The people in your life matter more than how much grit or resilience you have

Lynn Rivest
2 min readMay 2, 2022

What are you doing to improve your life?

It’s a lot more about your environment than your personality.

Eric Barker’s new book Plays Well With Others is coming out soon. Today in his always valuable newsletter he shared an excerpt that he had to cut from the book because of his publisher’s word limit.

If this is something he cut, the book promises to be amazing.

It’s not who about who you are but what you do in different contexts

The excerpt is about the huge influence our environment has on our behavior. Eric explains that the best way to find out about a person is not to ask them about their personality but to look at their surroundings.

I love this because we tend to put too much weight on our autonomy.

We put the impetus of change squarely on working with who we are. I’m an introvert so I…, I’m a sensitive person so I…

Instead Eric says to learn more about yourself, think about what you do in different contexts. “I am…when…” and that’s where you’ll see more accurate patterns.

Your environment is largely defined by the people in it.

Those you surround yourself with — and the people they surround themselves with — influence how you behave in all areas of your life including relationships, success, health, happiness etc.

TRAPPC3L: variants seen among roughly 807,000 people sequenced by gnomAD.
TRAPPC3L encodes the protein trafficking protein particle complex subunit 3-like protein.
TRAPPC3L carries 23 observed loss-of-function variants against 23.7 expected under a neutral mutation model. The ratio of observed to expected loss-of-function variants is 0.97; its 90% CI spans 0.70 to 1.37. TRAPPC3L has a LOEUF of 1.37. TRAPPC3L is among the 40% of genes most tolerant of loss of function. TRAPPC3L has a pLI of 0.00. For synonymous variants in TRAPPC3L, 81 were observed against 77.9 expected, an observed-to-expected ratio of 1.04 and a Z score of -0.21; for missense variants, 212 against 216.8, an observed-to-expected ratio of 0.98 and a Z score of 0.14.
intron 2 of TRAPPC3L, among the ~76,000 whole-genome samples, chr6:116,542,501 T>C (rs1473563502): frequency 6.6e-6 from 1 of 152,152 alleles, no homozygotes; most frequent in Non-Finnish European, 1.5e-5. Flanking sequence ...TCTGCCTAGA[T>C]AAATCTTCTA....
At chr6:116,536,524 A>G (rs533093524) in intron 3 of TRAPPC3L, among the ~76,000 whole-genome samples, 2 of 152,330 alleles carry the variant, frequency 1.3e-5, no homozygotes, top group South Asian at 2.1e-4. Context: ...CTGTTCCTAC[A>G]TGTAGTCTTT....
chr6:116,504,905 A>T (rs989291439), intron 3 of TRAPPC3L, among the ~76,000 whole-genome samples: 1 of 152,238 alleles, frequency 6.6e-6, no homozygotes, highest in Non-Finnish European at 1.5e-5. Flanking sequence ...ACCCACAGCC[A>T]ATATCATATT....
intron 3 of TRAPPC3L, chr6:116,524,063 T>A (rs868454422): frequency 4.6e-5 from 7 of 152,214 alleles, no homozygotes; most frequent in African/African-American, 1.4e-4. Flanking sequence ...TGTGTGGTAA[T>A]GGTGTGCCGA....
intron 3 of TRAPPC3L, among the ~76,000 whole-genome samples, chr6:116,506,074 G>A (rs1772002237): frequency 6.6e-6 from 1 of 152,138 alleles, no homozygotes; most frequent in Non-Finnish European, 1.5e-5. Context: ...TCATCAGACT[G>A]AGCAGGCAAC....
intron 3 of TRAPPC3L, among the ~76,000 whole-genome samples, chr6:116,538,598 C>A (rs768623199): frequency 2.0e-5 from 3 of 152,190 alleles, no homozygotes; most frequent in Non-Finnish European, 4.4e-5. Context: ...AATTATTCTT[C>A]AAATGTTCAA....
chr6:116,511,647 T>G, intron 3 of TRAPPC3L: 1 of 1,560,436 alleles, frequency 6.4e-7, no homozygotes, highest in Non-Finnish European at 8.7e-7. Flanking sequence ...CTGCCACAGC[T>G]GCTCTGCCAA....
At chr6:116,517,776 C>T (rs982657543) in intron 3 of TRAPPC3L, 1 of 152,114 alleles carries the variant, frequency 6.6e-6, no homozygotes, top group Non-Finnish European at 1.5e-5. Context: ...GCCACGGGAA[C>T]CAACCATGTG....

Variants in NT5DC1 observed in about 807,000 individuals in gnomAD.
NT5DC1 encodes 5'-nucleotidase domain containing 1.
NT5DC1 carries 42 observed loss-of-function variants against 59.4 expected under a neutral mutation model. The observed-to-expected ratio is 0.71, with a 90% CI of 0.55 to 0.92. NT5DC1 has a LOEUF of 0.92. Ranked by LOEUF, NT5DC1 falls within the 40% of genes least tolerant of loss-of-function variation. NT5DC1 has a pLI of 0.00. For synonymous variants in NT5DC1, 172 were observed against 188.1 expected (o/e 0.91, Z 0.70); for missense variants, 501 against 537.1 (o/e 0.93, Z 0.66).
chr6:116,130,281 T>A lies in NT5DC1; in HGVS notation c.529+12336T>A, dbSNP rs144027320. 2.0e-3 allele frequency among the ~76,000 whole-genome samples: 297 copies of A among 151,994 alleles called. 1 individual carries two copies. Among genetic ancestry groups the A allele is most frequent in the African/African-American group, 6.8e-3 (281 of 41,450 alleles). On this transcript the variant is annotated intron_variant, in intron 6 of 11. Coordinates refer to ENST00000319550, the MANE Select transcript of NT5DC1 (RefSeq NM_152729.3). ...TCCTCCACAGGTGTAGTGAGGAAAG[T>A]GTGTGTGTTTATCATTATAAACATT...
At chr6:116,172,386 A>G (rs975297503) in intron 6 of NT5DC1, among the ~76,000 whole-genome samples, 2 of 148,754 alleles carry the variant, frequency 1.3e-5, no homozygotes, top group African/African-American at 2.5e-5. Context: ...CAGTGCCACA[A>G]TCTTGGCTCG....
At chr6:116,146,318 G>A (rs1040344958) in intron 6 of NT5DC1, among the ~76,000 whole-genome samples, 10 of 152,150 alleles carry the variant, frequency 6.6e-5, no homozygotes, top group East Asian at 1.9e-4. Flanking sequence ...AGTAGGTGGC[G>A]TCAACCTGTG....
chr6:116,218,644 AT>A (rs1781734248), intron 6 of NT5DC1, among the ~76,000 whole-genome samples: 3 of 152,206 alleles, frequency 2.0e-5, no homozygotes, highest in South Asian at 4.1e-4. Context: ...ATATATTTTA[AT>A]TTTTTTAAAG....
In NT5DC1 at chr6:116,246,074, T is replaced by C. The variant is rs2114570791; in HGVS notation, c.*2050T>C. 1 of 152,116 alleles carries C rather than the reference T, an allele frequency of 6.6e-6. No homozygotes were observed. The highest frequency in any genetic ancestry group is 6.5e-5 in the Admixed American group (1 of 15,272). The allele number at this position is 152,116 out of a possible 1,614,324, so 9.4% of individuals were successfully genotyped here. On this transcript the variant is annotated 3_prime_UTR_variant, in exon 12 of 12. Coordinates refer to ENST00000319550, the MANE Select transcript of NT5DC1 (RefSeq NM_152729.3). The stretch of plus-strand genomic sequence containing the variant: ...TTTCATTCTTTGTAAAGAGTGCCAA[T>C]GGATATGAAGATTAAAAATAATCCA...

Here are some highlights from Eric’s research:

  • To get an accurate idea of how much a student drinks, don’t ask how much they think they drink but how often they think their peers are drinking.
  • A student’s grades will increase if they have a roommate with a higher GPA.
  • At-risk teens in group programs meant to help do the opposite. Because they influence each other and those programs result in an average 13% increase in crimes committed.
  • Cable TV increases support for women’s rights around the world. The divorce rate in UAE went up by 10% when the progressive Turkish soap “Noor” started airing in Arab nations.
  • If someone you have an affinity toward becomes obese, your likelihood of obesity goes up by 53%. If you both consider each other friends, that percentage increases to 171%.
  • Happy friends make you 15% more likely to be happy.

We like to think we’re the exception and that we aren’t so influenced by external factors but that’s just not the case. Accepting this means that we can become better version of ourselves by making changes in our environment. By looking at ourselves as the social beings we are.

This quote Eric shared says it all:

“We need each other to become ourselves.” ~Abraham Kaplan



Lynn Rivest

I talk about building a minimalist biz + aging boldly as a midlife entrepreneur.